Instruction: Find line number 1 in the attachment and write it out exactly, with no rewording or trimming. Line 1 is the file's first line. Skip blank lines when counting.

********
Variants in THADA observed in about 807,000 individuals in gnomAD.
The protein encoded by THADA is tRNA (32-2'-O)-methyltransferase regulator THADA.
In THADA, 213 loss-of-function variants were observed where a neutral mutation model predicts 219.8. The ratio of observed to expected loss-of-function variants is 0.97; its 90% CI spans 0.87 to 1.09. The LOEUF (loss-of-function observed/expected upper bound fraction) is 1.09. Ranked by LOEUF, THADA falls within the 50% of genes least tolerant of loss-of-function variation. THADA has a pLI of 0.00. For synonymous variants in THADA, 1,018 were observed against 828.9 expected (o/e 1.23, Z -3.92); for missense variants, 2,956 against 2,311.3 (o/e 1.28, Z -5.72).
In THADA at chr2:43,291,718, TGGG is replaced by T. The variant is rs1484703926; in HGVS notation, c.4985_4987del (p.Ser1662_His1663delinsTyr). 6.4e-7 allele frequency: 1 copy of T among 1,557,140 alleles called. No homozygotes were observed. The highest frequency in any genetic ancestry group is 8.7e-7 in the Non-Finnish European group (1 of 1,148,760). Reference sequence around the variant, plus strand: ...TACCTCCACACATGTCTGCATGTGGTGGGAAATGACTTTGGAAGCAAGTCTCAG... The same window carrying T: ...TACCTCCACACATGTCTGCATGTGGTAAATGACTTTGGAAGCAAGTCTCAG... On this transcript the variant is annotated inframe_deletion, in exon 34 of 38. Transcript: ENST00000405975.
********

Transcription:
Variants in THADA observed in about 807,000 individuals in gnomAD.